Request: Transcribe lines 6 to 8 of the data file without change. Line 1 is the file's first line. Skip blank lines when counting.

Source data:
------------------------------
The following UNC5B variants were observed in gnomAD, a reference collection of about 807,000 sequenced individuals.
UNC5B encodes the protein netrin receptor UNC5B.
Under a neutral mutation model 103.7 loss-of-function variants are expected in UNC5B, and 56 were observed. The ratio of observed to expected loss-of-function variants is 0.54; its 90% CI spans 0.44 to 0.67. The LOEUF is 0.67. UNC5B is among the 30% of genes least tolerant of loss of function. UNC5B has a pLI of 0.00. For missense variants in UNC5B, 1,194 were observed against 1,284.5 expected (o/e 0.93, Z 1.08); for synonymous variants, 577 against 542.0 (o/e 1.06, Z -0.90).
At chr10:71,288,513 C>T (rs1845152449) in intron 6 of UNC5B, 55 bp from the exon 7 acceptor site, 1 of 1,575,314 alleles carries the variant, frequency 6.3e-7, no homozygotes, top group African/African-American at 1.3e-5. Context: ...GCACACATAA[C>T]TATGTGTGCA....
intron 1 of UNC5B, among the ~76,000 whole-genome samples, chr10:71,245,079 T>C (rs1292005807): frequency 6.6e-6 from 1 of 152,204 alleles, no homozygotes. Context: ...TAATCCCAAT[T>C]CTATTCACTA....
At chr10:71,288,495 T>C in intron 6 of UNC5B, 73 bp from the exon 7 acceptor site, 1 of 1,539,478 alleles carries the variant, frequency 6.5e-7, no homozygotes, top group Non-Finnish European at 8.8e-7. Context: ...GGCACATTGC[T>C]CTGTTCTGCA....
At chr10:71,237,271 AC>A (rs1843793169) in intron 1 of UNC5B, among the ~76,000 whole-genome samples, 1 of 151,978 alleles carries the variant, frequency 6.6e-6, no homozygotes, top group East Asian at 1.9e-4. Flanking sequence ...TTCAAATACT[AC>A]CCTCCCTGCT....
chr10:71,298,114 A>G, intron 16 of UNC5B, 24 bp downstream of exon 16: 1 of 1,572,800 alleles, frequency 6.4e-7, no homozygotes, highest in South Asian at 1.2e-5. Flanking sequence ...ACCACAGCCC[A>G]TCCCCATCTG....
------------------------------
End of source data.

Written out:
At chr10:71,288,495 T>C in intron 6 of UNC5B, 73 bp from the exon 7 acceptor site, 1 of 1,539,478 alleles carries the variant, frequency 6.5e-7, no homozygotes, top group Non-Finnish European at 8.8e-7. Context: ...GGCACATTGC[T>C]CTGTTCTGCA....
At chr10:71,237,271 AC>A (rs1843793169) in intron 1 of UNC5B, among the ~76,000 whole-genome samples, 1 of 151,978 alleles carries the variant, frequency 6.6e-6, no homozygotes, top group East Asian at 1.9e-4. Flanking sequence ...TTCAAATACT[AC>A]CCTCCCTGCT....
chr10:71,298,114 A>G, intron 16 of UNC5B, 24 bp downstream of exon 16: 1 of 1,572,800 alleles, frequency 6.4e-7, no homozygotes, highest in South Asian at 1.2e-5. Flanking sequence ...ACCACAGCCC[A>G]TCCCCATCTG....